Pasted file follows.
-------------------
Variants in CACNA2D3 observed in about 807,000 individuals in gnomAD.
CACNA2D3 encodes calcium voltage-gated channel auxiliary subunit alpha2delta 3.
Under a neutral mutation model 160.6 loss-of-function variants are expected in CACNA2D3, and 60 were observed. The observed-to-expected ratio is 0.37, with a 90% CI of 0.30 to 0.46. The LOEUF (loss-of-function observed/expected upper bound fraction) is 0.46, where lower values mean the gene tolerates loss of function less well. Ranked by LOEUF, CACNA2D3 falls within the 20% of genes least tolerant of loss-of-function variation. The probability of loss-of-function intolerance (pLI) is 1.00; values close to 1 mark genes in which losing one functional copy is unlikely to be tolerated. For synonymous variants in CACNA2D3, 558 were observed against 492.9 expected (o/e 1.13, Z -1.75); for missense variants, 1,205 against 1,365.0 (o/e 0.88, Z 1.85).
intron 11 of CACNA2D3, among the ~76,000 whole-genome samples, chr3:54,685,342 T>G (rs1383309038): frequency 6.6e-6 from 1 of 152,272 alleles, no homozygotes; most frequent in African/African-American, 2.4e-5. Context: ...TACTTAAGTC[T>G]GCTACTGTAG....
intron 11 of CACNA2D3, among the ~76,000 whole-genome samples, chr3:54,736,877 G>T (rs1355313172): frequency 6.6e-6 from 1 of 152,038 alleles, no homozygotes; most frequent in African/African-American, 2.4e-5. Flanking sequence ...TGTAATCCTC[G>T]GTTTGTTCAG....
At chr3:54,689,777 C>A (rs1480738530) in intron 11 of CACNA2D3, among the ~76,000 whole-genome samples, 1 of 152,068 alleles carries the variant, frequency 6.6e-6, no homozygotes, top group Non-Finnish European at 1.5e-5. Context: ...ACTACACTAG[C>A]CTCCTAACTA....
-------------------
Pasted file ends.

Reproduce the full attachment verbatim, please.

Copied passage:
Variants in CACNA2D3 observed in about 807,000 individuals in gnomAD.
CACNA2D3 encodes calcium voltage-gated channel auxiliary subunit alpha2delta 3.
Under a neutral mutation model 160.6 loss-of-function variants are expected in CACNA2D3, and 60 were observed. The observed-to-expected ratio is 0.37, with a 90% CI of 0.30 to 0.46. The LOEUF (loss-of-function observed/expected upper bound fraction) is 0.46, where lower values mean the gene tolerates loss of function less well. Ranked by LOEUF, CACNA2D3 falls within the 20% of genes least tolerant of loss-of-function variation. The probability of loss-of-function intolerance (pLI) is 1.00; values close to 1 mark genes in which losing one functional copy is unlikely to be tolerated. For synonymous variants in CACNA2D3, 558 were observed against 492.9 expected (o/e 1.13, Z -1.75); for missense variants, 1,205 against 1,365.0 (o/e 0.88, Z 1.85).
intron 11 of CACNA2D3, among the ~76,000 whole-genome samples, chr3:54,685,342 T>G (rs1383309038): frequency 6.6e-6 from 1 of 152,272 alleles, no homozygotes; most frequent in African/African-American, 2.4e-5. Context: ...TACTTAAGTC[T>G]GCTACTGTAG....
intron 11 of CACNA2D3, among the ~76,000 whole-genome samples, chr3:54,736,877 G>T (rs1355313172): frequency 6.6e-6 from 1 of 152,038 alleles, no homozygotes; most frequent in African/African-American, 2.4e-5. Flanking sequence ...TGTAATCCTC[G>T]GTTTGTTCAG....
At chr3:54,689,777 C>A (rs1480738530) in intron 11 of CACNA2D3, among the ~76,000 whole-genome samples, 1 of 152,068 alleles carries the variant, frequency 6.6e-6, no homozygotes, top group Non-Finnish European at 1.5e-5. Context: ...ACTACACTAG[C>A]CTCCTAACTA....